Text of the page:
If only he’d been able to get to his nitroglycerin pills in time, he might have been able to call out for help. But no, he thrashed in his bed gurgling and choking and begging, his face turning from red to blue to purple as he choked for air. In the morning the tiny white pills lay scattered on the floor, and the bottle lay in the middle of the rug. It had been over in less than five minutes.

Her bedroom was down the hall, too far away for her to hear or help, Celine explained to Matthew’s doctor when he came personally that morning to fill out the death certificate. Though she was completely serene, she delicately dabbed her eyes with a handkerchief. He patted her back and said she mustn’t blame herself.

She thanked him with all due sincerity. Matthew deserved far worse.

In the recesses of her dark heart Celine had always known Matthew had married her for her parents’ old money prestige, but even understanding that, she had loved him once. He was handsome and witty, and she had lovely memories of their honeymoon in Paris when he charmed her with his French, his appreciation of Monet and Matisse, his knowledge of the city. He had seemed charming and sophisticated then, so much so that she’d overlooked his arrogance, his rudeness to waiters and those he thought beneath him.

His temper. The temper he let loose with increasing frequency as the years passed. She’d grown tired of wearing long sleeves in summer and extra make up to cover the damage, but she was too proud to admit she’d made a mistake. He wanted her connections, and she enjoyed living in splendor. Everything in life came at a price.

Eventually his other women didn’t bother her in the least as long as they kept him out of her bed. She didn’t care about his rudeness or drinking as long as he directed it away from her. She would go and soothe the hurt feelings Matthew left in his wake. His deliberate cruelty was another thing entirely. She began to make a tally of every incident, every outrage, but Celine had allowed a tough shell to form around her heart. She was also patient.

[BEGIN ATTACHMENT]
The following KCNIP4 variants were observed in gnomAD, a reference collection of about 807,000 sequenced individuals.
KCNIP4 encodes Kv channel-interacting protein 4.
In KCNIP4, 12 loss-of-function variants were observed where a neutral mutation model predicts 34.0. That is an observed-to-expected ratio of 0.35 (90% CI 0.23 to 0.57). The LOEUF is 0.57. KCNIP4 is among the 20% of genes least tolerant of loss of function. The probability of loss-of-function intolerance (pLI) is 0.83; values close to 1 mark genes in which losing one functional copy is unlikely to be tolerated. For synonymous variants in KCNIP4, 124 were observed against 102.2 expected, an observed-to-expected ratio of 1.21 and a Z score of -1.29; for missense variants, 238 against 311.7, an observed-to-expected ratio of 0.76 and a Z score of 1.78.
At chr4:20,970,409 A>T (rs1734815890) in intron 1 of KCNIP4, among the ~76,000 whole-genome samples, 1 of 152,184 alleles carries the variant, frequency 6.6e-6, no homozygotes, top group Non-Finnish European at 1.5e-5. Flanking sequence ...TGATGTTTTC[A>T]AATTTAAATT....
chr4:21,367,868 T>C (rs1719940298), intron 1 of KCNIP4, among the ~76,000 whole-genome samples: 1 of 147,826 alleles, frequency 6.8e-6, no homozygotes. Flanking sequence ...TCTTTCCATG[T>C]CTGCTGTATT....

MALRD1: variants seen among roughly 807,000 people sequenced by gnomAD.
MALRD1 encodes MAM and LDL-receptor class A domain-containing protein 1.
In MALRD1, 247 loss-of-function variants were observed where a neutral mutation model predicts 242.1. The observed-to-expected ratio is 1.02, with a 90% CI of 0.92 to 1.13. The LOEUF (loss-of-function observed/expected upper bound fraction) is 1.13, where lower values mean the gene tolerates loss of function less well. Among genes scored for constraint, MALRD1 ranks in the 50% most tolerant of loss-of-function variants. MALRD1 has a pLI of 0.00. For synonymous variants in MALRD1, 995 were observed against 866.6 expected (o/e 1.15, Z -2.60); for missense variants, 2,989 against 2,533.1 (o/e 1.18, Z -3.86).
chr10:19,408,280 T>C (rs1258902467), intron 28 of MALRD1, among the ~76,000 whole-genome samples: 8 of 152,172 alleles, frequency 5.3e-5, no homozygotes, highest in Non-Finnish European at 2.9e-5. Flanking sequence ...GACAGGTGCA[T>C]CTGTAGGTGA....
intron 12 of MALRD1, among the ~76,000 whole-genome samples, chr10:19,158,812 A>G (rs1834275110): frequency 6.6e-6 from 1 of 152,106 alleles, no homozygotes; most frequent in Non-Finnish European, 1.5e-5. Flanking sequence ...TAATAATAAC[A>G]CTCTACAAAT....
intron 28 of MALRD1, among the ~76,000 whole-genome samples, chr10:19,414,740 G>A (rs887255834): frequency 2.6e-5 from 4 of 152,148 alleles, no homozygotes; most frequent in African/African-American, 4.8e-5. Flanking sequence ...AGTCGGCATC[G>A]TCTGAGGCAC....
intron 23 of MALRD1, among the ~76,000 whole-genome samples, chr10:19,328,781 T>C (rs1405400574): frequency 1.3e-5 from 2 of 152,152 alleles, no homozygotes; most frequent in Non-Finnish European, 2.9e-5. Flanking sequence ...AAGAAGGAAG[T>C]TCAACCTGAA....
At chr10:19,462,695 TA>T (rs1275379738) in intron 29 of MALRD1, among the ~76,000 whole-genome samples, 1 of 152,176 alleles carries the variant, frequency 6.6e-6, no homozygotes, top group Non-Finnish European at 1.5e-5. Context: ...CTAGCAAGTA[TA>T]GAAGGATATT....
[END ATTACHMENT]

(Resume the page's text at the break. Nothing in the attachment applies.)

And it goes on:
Three years ago Matthew had deliberately run over her favorite cat, Montgomery, as the old fellow lay sunning himself in the driveway. Though infuriated, Celine said nothing. She had Montgomery cremated and enshrined his ashes in a sterling silver urn that she kept in her bedroom.

After Matthew’s own cremation, she collected his remains from Mr. Bishop and told the undertaker she needed to spend one last evening with her husband before he was forever entombed. Celine dumped his remains in the trash, and returned Montgomery’s silver urn over to the undertaker the next morning. She mixed in some cat liter to balance the weight.

Now Celine took a cleansing breath as she descended the marble stairs to greet her guests. It felt like a celebration.

She nodded sagely when Matthew’s law partner said, “My God, we just played eighteen holes at Merion the day before he died. He seemed fine, better than fine. But I guess you never know. The doc says if he could have gotten to those pills . . . ” His voice trailed off in a haze of scotch and regret. Matthew’s beloved Bunnahabhain 25. Celine never cared for scotch.

Celine nodded solemnly. It was such a small thing, that one little pill.

 

Olivia

That week after graduation we headed down the shore for Senior Week. In those days “down the shore” was the place to go. With its huge boardwalk, mile-wide beach and tons of hotels, Wildwood was the preferred place for the thousands of kids spilling from the Catholic and public high schools. We weren’t the rich prep schoolers. Our parents couldn’t afford trips to Cancun or Florida or the Bahamas, and it didn’t matter. The drinking age was eighteen; the pot was easy to get; and we were without parental supervision.

Our house sat four blocks back from the beach. Ten of us had paid one hundred dollars, but fifteen to over twenty-five kids would end up crashing there at night.

I remember the cloudless sunny days when we would head for the beach to bake ourselves. Even though I was a natural blonde, I never burned and slathered my skin in baby oil. I knew how good I looked in my bikini. Jake told me every day I was hotter than the sun.

 

I wasn’t like Olivia. I wasn’t sure how Olivia had managed to get in with our group, but she just showed up in her pink flowered sundress with a suitcase. Everything about Olivia was big and squashy. She never wore a bathing suit, just shorts and a tank top that stretched across her huge breasts. She had long dark hair and a big smile, so no one bothered her, especially since she volunteered to make breakfast.